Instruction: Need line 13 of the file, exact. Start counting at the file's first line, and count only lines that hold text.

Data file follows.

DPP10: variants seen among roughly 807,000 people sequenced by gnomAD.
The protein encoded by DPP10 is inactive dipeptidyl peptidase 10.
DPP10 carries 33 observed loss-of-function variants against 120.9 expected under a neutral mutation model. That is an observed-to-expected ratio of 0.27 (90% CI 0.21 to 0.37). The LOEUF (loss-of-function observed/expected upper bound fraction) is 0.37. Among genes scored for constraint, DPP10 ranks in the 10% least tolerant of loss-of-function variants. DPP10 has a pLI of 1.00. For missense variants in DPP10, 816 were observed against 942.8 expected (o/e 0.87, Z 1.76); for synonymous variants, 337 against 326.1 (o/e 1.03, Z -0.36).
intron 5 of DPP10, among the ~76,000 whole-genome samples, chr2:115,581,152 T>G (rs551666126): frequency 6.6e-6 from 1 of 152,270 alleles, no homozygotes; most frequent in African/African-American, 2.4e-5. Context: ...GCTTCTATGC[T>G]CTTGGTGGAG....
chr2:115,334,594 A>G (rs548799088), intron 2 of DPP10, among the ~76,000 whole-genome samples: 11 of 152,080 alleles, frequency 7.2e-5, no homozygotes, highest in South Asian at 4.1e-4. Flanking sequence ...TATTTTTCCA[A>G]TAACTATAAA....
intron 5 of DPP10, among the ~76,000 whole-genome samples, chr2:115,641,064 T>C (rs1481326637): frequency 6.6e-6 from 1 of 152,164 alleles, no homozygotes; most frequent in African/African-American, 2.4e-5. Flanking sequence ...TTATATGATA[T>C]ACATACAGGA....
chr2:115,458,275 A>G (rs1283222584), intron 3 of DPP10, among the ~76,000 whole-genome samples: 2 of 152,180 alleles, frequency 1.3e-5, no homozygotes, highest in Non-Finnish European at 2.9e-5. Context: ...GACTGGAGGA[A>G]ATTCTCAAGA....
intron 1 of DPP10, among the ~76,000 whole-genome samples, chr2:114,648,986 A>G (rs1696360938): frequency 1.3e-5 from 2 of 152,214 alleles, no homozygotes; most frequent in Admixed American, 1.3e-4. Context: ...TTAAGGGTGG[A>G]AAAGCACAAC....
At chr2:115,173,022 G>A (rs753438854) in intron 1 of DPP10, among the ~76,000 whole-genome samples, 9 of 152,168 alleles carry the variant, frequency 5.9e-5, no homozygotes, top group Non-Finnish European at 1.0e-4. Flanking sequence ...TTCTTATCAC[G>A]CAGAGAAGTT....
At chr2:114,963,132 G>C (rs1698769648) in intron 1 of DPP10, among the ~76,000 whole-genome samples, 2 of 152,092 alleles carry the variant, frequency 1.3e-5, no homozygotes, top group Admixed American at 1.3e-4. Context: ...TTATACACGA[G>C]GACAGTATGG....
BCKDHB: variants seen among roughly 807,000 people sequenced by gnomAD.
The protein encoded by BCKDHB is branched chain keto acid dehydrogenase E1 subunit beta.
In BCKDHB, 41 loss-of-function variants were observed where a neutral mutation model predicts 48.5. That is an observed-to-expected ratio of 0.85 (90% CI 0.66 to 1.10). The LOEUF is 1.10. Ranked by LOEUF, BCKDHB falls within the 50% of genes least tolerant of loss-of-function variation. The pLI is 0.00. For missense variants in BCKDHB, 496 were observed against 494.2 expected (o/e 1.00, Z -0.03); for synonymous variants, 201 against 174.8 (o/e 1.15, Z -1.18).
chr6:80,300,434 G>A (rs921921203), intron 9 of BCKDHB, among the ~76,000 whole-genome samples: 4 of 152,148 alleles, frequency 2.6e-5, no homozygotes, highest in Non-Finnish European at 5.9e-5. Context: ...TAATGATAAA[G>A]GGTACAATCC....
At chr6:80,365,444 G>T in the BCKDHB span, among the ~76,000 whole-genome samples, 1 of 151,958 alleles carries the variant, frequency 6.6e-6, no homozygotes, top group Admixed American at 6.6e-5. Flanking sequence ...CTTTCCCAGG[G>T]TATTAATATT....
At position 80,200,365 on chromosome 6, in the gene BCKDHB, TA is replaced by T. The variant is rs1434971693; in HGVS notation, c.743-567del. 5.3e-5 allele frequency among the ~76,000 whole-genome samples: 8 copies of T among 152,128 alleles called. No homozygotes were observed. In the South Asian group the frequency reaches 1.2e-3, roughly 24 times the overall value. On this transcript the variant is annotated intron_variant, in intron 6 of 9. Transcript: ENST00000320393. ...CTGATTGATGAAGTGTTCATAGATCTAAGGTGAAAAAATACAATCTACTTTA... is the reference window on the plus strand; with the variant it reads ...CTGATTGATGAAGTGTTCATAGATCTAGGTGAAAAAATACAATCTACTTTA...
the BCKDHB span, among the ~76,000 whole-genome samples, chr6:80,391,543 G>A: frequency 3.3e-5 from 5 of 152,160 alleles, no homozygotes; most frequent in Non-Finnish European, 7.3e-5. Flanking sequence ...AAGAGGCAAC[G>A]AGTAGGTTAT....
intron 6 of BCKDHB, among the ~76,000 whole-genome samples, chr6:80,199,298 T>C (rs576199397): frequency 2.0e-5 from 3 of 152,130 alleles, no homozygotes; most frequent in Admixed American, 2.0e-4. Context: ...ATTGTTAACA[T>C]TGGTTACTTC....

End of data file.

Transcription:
In BCKDHB, 41 loss-of-function variants were observed where a neutral mutation model predicts 48.5. That is an observed-to-expected ratio of 0.85 (90% CI 0.66 to 1.10). The LOEUF is 1.10. Ranked by LOEUF, BCKDHB falls within the 50% of genes least tolerant of loss-of-function variation. The pLI is 0.00. For missense variants in BCKDHB, 496 were observed against 494.2 expected (o/e 1.00, Z -0.03); for synonymous variants, 201 against 174.8 (o/e 1.15, Z -1.18).